Astronomy and the activity of stargazing has been around for many years. Fancy joining us on a stroll down memory lane as we look at the history books on how it all began?
Stars have always been useful. Despite not knowing what they were, early astronomers grouped the stars into constellations and used them to track the movement of the Sun and the planets. The movement of the stars over the year meant they could start to build accurate calendars to assist them with knowing then to plant fields and when to harvest.
Indigenous cultures have long used astronomy as a way of navigation, timekeeping, spiritual and religious practices and also for agricultural planning.
Many ancient astronomers made incredible discoveries such as in the 6th century BCE when Ancient Greek philosophers found evidence that the earth was in fact a spherical shape.
The first Supernova was documented by Chinese astronomers in the year 185. A supernova is when there is a change in the core or center of a star. One of the stars steals matter from its companion star. Eventually, it accumulates too much matter causing the star to explode which results in a supernova.
The idea that the Sun was a star was first proposed (and dismissed) in 450 BC by Anaxagoras. Over the next few hundred years, a lot of research and work was completed until the Sun was finally acknowledged in its true star status in the 19th century.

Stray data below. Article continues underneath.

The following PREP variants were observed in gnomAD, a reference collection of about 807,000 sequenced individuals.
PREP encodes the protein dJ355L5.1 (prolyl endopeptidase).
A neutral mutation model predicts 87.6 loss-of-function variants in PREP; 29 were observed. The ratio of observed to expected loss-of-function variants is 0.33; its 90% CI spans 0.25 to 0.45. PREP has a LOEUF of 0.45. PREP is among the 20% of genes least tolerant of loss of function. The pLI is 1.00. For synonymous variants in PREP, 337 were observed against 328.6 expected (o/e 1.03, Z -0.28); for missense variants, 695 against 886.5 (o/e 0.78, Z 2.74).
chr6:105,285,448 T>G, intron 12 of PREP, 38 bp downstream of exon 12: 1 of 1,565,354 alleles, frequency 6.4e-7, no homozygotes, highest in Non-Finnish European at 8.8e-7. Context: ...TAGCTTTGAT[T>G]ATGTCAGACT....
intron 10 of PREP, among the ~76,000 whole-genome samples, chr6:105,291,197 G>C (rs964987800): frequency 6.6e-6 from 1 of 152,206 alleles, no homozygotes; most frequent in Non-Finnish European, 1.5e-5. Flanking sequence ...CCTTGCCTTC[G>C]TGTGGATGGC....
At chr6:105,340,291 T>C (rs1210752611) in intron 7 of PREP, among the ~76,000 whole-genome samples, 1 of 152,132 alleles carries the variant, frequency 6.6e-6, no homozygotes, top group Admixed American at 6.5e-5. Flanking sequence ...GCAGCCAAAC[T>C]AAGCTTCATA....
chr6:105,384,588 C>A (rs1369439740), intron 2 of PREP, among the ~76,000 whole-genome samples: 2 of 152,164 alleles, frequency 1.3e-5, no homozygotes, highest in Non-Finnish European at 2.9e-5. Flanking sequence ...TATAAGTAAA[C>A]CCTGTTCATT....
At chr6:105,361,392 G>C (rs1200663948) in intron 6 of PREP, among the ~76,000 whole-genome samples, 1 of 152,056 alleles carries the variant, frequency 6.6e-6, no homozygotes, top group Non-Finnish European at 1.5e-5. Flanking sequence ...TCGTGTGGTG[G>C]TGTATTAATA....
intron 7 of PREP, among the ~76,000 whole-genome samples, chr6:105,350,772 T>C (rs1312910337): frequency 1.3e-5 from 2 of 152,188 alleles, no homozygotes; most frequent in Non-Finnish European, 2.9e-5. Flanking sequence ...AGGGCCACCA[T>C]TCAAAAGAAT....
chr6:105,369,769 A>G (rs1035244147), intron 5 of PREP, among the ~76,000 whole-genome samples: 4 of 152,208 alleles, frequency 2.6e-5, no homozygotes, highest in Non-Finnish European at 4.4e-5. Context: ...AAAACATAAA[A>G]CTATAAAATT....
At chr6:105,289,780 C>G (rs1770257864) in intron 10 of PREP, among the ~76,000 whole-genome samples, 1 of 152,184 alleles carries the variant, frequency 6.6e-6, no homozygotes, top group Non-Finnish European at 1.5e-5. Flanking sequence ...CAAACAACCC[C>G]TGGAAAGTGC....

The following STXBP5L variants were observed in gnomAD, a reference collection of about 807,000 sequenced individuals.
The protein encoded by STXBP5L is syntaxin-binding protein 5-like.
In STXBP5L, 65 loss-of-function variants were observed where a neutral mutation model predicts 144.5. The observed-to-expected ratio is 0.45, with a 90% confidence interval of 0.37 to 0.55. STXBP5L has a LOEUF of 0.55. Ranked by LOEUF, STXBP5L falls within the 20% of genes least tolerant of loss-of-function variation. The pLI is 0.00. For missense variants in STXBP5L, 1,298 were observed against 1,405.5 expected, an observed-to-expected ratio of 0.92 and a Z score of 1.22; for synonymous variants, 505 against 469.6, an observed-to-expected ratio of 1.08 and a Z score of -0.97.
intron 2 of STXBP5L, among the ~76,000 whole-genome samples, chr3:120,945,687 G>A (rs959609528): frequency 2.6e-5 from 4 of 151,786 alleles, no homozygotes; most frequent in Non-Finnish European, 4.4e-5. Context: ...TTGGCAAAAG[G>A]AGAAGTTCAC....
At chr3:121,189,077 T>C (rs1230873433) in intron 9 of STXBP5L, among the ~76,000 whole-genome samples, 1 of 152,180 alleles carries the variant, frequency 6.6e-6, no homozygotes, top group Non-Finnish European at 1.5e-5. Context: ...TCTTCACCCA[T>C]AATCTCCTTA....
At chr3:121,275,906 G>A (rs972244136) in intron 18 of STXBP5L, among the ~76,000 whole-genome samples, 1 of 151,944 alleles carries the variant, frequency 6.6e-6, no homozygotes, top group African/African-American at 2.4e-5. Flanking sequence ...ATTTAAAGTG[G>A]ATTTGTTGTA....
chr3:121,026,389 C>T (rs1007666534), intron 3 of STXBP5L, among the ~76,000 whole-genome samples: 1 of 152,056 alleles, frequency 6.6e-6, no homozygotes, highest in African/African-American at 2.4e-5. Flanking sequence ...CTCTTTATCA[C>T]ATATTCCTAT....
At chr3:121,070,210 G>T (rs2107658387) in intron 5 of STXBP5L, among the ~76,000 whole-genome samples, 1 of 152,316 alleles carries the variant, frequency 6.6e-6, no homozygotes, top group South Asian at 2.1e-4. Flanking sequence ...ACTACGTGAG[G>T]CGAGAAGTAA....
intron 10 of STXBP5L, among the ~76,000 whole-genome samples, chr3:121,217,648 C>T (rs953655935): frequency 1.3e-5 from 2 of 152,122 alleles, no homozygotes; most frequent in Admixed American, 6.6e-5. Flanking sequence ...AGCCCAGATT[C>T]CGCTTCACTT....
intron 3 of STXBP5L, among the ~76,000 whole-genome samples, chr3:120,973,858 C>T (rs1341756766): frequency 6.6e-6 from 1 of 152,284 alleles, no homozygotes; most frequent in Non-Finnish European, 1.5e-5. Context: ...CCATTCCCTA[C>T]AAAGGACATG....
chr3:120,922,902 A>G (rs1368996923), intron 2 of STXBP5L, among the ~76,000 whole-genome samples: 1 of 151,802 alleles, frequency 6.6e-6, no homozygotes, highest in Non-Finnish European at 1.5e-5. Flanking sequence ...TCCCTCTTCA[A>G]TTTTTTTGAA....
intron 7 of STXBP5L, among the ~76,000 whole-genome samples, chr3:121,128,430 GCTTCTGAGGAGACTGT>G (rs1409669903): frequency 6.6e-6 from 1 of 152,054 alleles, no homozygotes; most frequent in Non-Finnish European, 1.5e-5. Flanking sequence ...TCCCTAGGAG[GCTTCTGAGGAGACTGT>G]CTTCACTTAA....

The trillions of galaxies that we know today were only discovered about 100 years ago. Before then, it was thought that they were ‘cloudy regions’ of our own Milky Way galaxy.
The Earth was originally thought to be the centre of the solar system! It wasn’t until the 16th century that scientists discovered it was the Sun instead.
The planet Uranus was discovered in 1781 by English astronomer Sir William Herschel. Before this, Scientists were only aware of 5 planets in our solar systems - Mercury, Mars, Jupiter, Venus and Saturn.
Pluto was also considered to be a planet in our solar system until it was downgraded to a ‘dwarf planet’ by scientists back in 2006, who decided it did not meet the planet criteria required. Sorry Pluto!
Ready to make your own mark in the astronomy history books? Name your own star right here and create something truly remarkable and memorable.